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Decisions of the Superior Courts of New South Wales, 1788-1899

R v Ryan, Troy, Smith and Anderson [1832] NSWSupC 55

highway robbery - Canterbury - Bushranging Act - capital punishment, Bushranging Act

Supreme Court of New South Wales

Dowling J., 8 August 1832

Source: Sydney Herald, 9 August 1832[1 ]

WEDNESDAY. - Before Judge Dowling and the usual Commission. - Michael Ryan, John Troy, Thomas Smith and Michael Anderson, were jointly indicted for a highway robbery, putting in bodily fear, and stealing from the person of James Campbell, various articles of wearing apparel, at Canterbury, on the 28th May.

Ryan, Not Guilty - Discharged; Smith, Troy and Anderson, Guilty. - The three prisoners were then called up for Judgment and the awful sentence of Death was passed upon them, and under the Bush-ranging Act they were sentenced for Execution on Saturday morning next.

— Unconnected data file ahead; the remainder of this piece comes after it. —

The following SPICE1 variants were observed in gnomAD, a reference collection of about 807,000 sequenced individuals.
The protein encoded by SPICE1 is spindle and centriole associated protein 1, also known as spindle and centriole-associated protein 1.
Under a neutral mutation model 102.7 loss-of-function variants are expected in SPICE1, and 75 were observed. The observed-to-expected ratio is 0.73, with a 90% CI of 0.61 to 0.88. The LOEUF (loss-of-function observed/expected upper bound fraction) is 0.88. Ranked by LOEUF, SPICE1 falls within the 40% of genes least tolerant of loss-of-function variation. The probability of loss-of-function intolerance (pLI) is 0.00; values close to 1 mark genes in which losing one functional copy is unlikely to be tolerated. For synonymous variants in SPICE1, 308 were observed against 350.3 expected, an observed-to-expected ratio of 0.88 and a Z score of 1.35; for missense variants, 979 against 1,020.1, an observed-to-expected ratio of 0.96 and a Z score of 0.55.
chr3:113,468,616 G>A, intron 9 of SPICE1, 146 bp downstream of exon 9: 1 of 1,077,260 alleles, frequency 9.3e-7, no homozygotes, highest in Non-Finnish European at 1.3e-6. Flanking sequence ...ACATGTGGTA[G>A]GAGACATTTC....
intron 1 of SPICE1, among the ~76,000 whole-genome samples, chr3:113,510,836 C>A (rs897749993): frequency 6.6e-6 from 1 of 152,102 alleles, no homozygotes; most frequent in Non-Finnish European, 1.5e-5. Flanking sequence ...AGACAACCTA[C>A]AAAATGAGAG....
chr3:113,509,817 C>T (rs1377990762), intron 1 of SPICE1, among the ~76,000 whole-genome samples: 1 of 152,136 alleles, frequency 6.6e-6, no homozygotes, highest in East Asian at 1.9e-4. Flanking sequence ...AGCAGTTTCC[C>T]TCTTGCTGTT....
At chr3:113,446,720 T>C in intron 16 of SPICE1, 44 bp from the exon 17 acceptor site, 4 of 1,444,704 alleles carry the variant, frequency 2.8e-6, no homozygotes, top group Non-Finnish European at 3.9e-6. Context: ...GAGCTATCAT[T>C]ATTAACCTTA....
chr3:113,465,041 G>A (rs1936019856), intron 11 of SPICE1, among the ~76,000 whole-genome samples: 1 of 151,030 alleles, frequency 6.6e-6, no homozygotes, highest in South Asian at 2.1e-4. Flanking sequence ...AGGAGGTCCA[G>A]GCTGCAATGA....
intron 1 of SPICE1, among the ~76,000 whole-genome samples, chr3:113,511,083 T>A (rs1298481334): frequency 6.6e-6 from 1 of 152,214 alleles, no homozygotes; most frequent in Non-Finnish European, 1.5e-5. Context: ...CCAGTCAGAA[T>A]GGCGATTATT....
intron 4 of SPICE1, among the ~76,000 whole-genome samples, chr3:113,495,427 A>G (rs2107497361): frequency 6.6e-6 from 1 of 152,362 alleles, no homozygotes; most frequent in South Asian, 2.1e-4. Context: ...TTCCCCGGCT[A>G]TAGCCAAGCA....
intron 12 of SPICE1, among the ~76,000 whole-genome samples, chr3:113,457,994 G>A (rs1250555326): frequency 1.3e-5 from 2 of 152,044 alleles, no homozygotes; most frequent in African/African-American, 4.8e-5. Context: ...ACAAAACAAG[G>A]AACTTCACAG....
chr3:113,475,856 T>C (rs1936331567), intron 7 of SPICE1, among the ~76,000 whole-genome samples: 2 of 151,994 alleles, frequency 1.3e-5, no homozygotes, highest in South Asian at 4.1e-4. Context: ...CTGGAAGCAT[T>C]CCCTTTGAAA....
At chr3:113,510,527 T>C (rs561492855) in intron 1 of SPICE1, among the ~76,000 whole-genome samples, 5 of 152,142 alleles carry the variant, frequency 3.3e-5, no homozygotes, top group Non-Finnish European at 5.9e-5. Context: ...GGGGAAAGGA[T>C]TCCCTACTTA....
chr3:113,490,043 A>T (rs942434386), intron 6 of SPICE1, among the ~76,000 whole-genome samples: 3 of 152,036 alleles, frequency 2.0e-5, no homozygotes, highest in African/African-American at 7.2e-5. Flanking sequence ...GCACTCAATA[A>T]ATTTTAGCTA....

[1 ] See also Sydney Gazette, 11 August 1832; Australian, 10 August 1832.

The Bushranging Act was renewed in 1832 (2 Wm 4 No. 9).  Under it, a person could be arrested on suspicion, and then had the onus of proving that he or she was not a convict.  As this case shows, it also provided for rapid execution in capital cases.  Governor Bourke told Viscount Goderich on 19 March 1832 that he was reluctant to renew the Act, as the colony was so much more peaceful than it had been when the Act was first passed in 1830.  The Legislative Council unanimously urged him to renew it, attributing the present peacefulness to the existence of the Act.  Bourke thus agreed to a further two year renewal: Historical Records of Australia, Series 1, Vol. 16, p. 565.  On the Act, see C.H. Currey, Sir Francis Forbes: the First Chief Justice of the Supreme Court of New South Wales, Angus and Robertson, Sydney, 1968, c. 39.

Published by the Division of Law, Macquarie University